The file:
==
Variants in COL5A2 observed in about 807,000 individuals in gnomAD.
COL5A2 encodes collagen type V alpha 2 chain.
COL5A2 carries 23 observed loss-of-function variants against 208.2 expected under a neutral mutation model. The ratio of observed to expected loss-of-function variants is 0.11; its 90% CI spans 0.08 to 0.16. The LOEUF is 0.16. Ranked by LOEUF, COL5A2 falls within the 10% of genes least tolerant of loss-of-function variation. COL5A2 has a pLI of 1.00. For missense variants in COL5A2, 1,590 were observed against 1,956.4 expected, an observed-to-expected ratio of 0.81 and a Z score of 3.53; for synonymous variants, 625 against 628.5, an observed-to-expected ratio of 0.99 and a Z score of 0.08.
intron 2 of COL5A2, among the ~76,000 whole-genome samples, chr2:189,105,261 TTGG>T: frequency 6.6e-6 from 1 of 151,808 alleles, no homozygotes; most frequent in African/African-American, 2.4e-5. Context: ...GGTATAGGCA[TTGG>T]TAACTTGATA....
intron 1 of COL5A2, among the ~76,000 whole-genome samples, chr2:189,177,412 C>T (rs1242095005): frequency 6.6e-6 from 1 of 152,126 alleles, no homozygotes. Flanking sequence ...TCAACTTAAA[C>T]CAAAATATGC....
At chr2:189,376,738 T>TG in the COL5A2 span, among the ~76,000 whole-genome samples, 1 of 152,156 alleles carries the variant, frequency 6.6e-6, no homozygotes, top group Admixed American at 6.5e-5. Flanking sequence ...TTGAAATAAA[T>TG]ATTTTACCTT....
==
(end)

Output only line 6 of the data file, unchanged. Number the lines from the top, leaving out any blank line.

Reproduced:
At chr2:189,376,738 T>TG in the COL5A2 span, among the ~76,000 whole-genome samples, 1 of 152,156 alleles carries the variant, frequency 6.6e-6, no homozygotes, top group Admixed American at 6.5e-5. Flanking sequence ...TTGAAATAAA[T>TG]ATTTTACCTT....